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Suzuki Address 50 DX

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Suzuki Address 50 DX - information: Suzuki Address 50 DX is a very good car, that was released by "Suzuki" company. We collected the best 12 photos of Suzuki Address 50 DX on this page.

Brand Name Suzuki
Model Suzuki Address 50 DX
Number of views 32626 views
Model's Rate 7.6 out of 10
Number of images 12 images
Interesting News
  • XDiavel.

    While the Scrambler Sixty2 was busy making headlines in emerging markets, the star of the Ducati stall at the EICMA had to be the XDiavel. Unlike the regular Diavel, which gets an 1,198.4-cc L-twin, the XDiavel gets Ducati’s 1,262-cc liquid-cooled L-twin. Paradoxically, the larger engine is down on peak power by six PS and has nearly two Nm less torque as well (156 PS and 128.9 Nm compared to the Diavel’s 162 PS and 130.5 Nm). Ducati, however, say that the XDiavel’s purpose is to merge the parallel worlds of relaxed cruising and sporty riding. Remarkably, the XDiavel is the first motorcycle to bear the Ducati name and combine it with a belt drive. Needless to say, the bike boasts of a host of cutting-edge technologies. At the moment it’s unclear whether the XDiavel will come to India but if it does, it sure is going to find its own fan following pretty soon.
  • 1290 Super Duke GT.

    The mean-looking 1290 Super Duke GT is actually the 1290 Super Duke in Tour mode. To enable the much too capable 1290 Super Duke to develop long legs, KTM have given it a large-capacity 23-litre tank and a lengthened rear subframe with integral mounts for optional panniers. One can even opt for heated grips, cruise control, adjustable windscreen, LED cornering lights and LED daytime running lights. You’ll get KTM’s Motorcycle Stability Control (MSC), which includes traction control and C-ABS, KTM Ride Mode tech and a quickshifter as standard fare anyway. Not to forget that monster 173-PS LC8 engine and semi-active suspension.
  • Exemplary Explorers.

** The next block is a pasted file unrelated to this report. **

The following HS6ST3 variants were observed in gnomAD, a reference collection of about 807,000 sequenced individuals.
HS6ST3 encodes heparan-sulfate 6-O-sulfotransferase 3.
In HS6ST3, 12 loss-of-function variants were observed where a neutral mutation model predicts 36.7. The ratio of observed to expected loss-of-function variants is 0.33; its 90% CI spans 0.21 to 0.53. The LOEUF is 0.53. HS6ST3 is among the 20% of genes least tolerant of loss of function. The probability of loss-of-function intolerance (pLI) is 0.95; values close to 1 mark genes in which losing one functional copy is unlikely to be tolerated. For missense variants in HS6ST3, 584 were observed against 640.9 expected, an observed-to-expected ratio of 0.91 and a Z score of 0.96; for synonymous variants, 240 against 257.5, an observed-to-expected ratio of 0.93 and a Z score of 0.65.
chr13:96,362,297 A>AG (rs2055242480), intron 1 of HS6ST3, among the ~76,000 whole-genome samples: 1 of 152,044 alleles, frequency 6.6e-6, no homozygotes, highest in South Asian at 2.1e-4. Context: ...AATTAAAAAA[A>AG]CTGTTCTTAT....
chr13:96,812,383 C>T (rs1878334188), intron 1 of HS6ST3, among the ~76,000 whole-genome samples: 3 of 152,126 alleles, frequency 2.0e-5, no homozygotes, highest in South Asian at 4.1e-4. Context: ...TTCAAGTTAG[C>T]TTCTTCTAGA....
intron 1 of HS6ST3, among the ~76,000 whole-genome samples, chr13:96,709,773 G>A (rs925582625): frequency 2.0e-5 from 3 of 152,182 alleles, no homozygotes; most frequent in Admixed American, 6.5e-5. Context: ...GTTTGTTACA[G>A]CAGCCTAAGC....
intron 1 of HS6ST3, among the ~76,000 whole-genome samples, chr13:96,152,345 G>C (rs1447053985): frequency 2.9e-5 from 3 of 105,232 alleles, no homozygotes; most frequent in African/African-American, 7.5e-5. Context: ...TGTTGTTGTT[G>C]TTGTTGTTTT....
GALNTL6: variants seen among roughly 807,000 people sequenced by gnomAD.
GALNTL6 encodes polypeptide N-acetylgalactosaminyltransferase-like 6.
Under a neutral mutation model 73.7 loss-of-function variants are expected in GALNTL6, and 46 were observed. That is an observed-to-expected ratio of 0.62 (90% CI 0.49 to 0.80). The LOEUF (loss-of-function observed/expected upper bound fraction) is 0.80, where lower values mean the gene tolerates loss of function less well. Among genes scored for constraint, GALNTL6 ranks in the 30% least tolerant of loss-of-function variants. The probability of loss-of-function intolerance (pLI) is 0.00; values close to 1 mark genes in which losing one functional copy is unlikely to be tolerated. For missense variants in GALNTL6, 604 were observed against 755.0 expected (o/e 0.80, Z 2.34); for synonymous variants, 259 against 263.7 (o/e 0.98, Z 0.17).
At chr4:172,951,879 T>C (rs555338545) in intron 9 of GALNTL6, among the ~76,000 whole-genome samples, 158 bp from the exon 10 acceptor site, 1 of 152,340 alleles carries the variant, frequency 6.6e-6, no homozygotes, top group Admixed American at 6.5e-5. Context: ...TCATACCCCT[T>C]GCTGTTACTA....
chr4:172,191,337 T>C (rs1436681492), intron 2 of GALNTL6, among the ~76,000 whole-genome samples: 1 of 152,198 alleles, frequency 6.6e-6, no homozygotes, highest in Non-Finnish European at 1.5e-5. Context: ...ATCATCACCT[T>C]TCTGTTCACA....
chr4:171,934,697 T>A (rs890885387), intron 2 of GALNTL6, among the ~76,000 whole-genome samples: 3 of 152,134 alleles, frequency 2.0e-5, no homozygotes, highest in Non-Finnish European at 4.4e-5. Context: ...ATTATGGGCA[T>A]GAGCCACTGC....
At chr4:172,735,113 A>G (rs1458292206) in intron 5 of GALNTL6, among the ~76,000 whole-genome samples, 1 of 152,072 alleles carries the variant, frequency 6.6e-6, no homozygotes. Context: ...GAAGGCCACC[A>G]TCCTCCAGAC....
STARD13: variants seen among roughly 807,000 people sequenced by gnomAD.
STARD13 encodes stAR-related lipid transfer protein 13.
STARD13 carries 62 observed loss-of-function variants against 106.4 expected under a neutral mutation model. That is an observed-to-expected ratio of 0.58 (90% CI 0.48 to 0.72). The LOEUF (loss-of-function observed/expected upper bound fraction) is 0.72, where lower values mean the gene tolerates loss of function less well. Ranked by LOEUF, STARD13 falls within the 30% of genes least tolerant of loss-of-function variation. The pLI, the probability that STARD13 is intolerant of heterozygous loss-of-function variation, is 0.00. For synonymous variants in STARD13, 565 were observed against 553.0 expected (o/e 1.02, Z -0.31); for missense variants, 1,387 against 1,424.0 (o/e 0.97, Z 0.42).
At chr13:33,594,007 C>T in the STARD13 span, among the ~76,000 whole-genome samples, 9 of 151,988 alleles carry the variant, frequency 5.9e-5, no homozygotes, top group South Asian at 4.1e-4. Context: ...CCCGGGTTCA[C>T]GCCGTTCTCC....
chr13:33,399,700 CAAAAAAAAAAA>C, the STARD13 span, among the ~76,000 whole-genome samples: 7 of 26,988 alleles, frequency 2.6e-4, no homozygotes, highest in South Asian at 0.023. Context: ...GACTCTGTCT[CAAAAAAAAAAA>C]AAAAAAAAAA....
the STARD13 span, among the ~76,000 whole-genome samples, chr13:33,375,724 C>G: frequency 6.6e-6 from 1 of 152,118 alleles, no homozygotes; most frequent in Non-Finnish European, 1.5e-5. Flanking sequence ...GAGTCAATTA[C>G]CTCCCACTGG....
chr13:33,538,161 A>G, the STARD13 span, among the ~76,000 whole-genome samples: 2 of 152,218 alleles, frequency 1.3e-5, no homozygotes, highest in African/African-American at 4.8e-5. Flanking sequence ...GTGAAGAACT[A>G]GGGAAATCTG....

Triumph have updated their largest adventure bike, and like the Tiger 800 there are now two types: the cast-wheel tarmac-biased Explorer XR, and the spoke-wheel trail-ready Explorer XC. The basic version of each bike is pretty much as before. So that’s a luxurious and syrupy 1215cc ride-by-wire inline three, bolted into a substantial chassis with single-sided swimgarm and shaft drive. Suspension is now supplied by WP, however, and the front brakes are one-piece radial Brembos. There are two riding modes, road and rain, each with their own throttle maps and specific settings for the standard-fit traction control and ABS. The classy dash is also new, switchgear is refined, and the screen now moves at the touch of a button. Yes, it’s electric. That’s a class first, you know. As with the smaller Tigers there are flashier variants too. The Explorer XRx and XCx feature an additional off-road mode with its own settings. Better than that, they also have leanangle sensitive traction control and cornering ABS. That’s right - you can go full gas or grab the lever mid-corner, and a little black box squares the job up. The XRx and XCx also benefit from WP’s semi-active suspension, with preset ride options, continually-tweaked damping and rear preload that sets itself automatically. Heated grips, too. There’s more. Go for the touring-biased XRT or round-the-globe XCA, and the revised Explorer also gets a sportmode, a rider configurablemode, hill start control, heated seats and a taller screen. In terms of high-tech-spec, this puts the big Brit right up there with the KTM 1290 Super Adventure and a BMW R1200GSwithall the factory-fit options.
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